St. Mary's Journal on Legal Malpractice & Ethics

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St. Mary's University School of Law


Charles Ipock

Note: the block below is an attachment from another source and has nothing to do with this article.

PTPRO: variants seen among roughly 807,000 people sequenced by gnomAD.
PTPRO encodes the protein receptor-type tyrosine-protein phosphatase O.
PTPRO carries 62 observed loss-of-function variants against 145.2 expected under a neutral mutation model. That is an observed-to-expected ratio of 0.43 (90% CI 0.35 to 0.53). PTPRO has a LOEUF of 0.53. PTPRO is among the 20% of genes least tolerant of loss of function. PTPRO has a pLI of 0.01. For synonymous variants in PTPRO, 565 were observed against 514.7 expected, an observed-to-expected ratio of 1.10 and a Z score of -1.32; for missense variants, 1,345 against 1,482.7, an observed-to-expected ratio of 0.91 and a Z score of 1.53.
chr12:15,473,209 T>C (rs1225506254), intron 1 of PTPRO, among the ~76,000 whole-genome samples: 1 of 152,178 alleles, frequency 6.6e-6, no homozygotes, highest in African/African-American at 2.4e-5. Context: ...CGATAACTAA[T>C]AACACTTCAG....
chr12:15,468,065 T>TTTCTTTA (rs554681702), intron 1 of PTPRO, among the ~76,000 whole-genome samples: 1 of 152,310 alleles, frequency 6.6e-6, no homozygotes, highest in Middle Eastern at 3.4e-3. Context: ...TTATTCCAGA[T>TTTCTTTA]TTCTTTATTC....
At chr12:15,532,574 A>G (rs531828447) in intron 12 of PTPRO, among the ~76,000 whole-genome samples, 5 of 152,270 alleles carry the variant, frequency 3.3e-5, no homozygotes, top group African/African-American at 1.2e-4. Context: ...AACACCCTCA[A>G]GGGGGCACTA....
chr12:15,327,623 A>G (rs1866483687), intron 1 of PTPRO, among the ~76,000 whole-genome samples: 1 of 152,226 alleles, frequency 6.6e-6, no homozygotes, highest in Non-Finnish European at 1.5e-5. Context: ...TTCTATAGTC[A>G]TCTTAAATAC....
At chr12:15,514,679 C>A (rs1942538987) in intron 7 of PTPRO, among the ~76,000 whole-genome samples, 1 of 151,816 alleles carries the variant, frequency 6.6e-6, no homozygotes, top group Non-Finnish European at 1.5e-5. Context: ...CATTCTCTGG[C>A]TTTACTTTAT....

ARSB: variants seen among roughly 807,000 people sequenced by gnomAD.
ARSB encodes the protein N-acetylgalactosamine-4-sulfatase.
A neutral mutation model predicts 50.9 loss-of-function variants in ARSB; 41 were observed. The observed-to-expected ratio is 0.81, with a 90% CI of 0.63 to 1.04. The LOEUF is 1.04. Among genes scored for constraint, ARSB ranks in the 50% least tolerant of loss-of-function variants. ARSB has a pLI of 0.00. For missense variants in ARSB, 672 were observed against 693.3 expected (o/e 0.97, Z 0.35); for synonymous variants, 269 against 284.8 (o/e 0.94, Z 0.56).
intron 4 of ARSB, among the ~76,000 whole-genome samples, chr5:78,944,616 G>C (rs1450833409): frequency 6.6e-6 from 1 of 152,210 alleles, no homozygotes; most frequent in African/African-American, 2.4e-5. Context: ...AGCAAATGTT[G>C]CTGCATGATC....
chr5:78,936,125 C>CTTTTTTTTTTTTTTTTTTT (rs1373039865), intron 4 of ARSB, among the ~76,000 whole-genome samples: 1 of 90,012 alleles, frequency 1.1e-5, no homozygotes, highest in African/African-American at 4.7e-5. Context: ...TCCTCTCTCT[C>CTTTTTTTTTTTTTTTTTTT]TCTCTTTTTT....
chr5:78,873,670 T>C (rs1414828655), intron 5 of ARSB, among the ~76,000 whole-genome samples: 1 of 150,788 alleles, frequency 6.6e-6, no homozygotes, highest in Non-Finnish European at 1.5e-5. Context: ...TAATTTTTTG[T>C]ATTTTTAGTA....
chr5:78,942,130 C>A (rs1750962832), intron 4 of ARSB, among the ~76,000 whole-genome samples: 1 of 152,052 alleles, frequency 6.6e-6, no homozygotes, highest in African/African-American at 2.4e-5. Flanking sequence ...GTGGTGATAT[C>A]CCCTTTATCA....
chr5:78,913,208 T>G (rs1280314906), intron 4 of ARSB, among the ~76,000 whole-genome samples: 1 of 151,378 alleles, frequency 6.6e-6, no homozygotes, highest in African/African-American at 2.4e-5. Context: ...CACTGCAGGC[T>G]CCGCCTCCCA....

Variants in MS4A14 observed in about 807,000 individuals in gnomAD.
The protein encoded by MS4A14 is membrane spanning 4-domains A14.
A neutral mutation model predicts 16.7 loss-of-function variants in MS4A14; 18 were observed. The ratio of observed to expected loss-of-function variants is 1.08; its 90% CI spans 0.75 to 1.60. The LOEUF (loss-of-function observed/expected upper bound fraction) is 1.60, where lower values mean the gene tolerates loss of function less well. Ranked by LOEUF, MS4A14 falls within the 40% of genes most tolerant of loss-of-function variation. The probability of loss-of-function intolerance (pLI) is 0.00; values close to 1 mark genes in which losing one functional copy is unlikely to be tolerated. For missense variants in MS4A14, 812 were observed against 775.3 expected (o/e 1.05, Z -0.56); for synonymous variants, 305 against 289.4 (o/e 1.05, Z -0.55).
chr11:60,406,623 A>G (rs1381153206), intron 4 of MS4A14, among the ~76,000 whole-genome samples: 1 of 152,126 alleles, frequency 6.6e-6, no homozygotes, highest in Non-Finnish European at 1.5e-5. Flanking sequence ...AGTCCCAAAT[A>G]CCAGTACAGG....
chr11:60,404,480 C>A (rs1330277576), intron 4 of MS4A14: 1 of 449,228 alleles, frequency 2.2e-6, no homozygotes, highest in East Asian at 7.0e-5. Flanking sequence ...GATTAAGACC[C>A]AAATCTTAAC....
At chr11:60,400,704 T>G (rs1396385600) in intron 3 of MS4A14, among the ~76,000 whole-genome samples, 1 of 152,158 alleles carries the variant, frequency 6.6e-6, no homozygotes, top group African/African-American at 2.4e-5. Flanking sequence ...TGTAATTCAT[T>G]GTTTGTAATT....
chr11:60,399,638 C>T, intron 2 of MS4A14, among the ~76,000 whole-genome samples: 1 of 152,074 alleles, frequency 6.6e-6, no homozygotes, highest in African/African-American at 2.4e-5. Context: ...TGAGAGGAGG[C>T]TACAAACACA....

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The weaknesses within unauthorized practice of law (UPL) laws, coupled with shaky and fragmented enforcement, allow nonlawyers to perform activities that are otherwise characterized as the practice of law. Certified Public Accountants (CPAs), non-lawyers representing individuals in administrative settings, legal document preparation services, and other non-lawyers offering detailed legal advice pose serious threats to the bar and the individuals they serve. Uniformed standards of liability, ethics, and certification should be developed to ensure a balanced group of practitioners is available to the public. Pulling nonlawyers into the realm of liability for breach of professional responsibility would result in a higher expectation of services they are authorized to perform and eliminate services only a licensed lawyer is authorized to perform. Given that UPL laws provide minimal protection from the encroachment of those engaging in quasi-legal services, attorneys must differentiate themselves to compete in an oversaturated legal market that is experiencing outside pressure from non-lawyers. This Comment surveys the development of the bar’s power and the origin of UPL laws. Additionally, this Comment discusses key areas in which nonlawyers can practice law. Specifically, it touches on: (1) the ability of accountants to give thorough advice to their clients, thereby stepping into the practice of law; (2) the ability of nonlawyers to practice in front of administrative agencies; (3) emerging technology and document preparation services that take clients away from attorneys; and (4) nonlawyer radio station hosts who offer legal advice to callers. This Comment examines case law and statutes aimed at limiting these practices and those allowing them to continue. Moreover, it illustrates how various nonlawyer activities affect attorneys and consumers. It also explores the imbalance of professional ethics standards between attorneys and nonlawyers. Finally, this Comment provides suggestions for practitioners to stay competitive in today’s legal market.